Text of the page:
The first portfolio I ever made was done quite a few years ago for the 16×20 [darkroom] prints/portfolio I had made in Blountstown, Florida. Since I was at the university, I had access to large printing presses. I decide to make two woodcuts for the outside of the portfolio, and layout and make the slip case out of corrugated cardboard. I have no idea as to exactly why I decide to use corrugated cardboard, I certainly had not seen anybody else do it, and I was pretty concerned about being able to make a print on it from my woodcut. I was afraid the printing press would simply flatten the cardboard. In addition to that, corrugated cardboard is of course not archival, and the exposed edges look pretty rough.
Nevertheless I went ahead and laid out the the slip case on the backside of a piece of cardboard. One advantage, if I messed it up, the cardboard is really cheap. As I recall, I had no ‘blueprint’ for how to lay out the slipcase, but if you think about it, it is pretty much common sense. You have to have two sides big enough to accommodate the prints, a spine wide enough to do the same. Then, on the top and bottom you need extra cardboard that, when folded over, is the same thickness as the spine. This is all done on a single sheet of board without any gluing or adding additional pieces[of course, once the cover is printed, the back side is scored, and the top and bottom pieces are folded over and glued together]. Once I had laid everything out, I inked up my woodcuts, placed the plates on the printing press, positioned the cardboard on top, and ran the whole sandwich through the press, and much to my surprise it worked. The cardboard did not crush. The only thing I had not thought about was that the ‘ribs’ in the cardboard would show up as blank stripes in the woodcut. However, after looking at it for a while it did not bother me. I then made another folio cover for the set of prints, sized so that it would slip into the portfolio case. My other brilliant ideas was to cut notches into the front and back cover of the portfolio so that I could easily pull out the prints. I have kept that little detail in most of my subsequent portfolios.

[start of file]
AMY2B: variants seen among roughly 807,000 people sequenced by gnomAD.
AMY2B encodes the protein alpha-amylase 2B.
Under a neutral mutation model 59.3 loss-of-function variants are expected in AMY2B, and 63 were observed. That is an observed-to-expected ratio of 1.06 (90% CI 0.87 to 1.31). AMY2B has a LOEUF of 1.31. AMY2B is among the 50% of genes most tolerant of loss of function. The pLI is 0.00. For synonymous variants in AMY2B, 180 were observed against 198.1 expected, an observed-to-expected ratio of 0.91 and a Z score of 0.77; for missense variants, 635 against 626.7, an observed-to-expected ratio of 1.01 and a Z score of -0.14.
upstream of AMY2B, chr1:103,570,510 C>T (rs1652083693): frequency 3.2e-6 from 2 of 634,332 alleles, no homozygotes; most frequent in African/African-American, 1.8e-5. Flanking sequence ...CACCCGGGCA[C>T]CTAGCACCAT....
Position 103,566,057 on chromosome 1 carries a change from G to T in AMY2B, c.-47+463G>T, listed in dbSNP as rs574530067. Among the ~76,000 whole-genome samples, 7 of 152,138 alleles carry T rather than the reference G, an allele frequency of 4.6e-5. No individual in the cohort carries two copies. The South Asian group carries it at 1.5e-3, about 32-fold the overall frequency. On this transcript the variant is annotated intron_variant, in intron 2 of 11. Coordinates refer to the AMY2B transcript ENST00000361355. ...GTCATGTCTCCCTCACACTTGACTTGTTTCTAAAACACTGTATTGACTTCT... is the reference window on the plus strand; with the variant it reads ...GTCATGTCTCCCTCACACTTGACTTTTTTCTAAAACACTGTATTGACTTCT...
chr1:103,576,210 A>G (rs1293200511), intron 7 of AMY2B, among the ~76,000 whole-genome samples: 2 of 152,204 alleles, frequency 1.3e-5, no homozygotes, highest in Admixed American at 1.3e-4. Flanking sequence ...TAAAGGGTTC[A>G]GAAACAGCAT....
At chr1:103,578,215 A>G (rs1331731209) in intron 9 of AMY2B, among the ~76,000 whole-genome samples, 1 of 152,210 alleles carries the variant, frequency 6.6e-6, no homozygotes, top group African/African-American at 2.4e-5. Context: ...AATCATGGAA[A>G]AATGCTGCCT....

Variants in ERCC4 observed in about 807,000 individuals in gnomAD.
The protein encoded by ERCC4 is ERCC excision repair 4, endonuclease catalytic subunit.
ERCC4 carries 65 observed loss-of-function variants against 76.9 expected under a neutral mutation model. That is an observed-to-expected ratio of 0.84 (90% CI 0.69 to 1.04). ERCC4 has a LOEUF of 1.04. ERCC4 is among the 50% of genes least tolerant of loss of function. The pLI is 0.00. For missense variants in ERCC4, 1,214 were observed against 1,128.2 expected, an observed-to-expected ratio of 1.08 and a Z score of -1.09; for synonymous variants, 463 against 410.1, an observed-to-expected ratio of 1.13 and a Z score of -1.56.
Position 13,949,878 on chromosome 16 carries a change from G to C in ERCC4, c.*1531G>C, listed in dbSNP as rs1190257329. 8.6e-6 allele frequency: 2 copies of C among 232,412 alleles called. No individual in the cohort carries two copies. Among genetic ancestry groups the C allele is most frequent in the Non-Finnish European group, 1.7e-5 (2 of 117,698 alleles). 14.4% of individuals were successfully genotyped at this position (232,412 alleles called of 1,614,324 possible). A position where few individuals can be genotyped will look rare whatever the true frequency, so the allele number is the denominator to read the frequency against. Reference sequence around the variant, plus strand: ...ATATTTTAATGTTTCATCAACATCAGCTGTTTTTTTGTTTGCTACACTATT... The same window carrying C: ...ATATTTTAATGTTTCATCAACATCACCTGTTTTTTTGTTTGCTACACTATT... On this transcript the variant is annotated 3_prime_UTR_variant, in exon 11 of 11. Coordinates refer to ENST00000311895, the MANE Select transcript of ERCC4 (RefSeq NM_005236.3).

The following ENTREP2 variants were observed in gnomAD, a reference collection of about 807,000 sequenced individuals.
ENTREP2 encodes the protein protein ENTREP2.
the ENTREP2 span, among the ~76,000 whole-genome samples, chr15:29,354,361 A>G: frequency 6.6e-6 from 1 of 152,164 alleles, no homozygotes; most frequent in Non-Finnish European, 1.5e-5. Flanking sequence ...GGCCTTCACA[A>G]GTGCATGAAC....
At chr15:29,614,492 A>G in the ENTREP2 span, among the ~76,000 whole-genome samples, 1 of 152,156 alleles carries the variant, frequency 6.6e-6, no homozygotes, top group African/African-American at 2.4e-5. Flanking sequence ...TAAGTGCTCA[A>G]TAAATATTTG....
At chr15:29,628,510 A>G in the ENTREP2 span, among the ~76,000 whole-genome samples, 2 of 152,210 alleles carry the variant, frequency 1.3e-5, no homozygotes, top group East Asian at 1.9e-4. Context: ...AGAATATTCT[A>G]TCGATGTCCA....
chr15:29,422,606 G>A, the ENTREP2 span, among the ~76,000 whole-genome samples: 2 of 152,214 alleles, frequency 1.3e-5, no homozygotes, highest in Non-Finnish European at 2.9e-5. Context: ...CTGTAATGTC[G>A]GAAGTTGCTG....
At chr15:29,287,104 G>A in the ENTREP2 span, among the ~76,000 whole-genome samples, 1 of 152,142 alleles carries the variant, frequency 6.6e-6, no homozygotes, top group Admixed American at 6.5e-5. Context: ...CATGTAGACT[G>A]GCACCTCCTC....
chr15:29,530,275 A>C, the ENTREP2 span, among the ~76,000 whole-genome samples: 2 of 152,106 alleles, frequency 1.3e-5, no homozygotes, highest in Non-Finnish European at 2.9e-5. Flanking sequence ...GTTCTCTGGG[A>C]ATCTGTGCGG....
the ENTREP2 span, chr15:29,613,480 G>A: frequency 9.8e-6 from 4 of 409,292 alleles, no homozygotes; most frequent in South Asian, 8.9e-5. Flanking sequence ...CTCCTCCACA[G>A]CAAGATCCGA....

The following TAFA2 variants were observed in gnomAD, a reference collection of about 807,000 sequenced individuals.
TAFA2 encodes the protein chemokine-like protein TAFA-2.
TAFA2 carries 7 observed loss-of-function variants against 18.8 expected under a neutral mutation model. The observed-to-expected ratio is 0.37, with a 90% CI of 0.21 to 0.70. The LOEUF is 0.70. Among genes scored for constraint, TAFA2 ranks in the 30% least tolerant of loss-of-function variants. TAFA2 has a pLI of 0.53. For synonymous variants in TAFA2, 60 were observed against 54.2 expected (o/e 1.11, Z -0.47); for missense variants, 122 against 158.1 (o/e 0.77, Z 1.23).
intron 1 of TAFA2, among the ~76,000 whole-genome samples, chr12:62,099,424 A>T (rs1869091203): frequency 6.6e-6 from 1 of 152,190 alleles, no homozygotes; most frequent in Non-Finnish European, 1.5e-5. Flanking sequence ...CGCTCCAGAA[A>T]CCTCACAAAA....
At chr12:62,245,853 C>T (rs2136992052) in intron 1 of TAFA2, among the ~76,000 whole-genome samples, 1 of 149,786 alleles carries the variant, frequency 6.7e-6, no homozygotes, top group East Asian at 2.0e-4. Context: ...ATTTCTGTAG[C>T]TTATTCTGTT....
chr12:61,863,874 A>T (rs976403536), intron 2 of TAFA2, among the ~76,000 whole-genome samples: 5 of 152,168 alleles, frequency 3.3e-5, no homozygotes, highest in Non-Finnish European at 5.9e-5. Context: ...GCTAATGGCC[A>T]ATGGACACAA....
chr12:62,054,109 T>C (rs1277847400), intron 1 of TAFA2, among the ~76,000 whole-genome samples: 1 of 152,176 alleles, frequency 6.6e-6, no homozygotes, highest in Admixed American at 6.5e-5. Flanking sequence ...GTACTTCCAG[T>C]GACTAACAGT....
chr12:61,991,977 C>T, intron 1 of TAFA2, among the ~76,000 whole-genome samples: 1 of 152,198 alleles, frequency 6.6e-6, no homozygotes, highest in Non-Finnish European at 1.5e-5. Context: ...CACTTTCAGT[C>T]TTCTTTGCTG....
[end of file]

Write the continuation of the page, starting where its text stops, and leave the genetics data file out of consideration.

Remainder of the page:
Now that I do not have access to large printing presses, I use my inkjet printer to print images on the cover. Of course that means that the whole case, when laid out on the back of the material can be no wider than what the printer will accept, and of course, regular corrugated cardboard is too think. However I have found a thinner version that works quite well when front-loaded into the printer. In my case it means that I cannot make 16×120 portfolio covers that way anymore. All this so that in my next post I can talk about how I now lay out and print portfolios using my inkjet printer.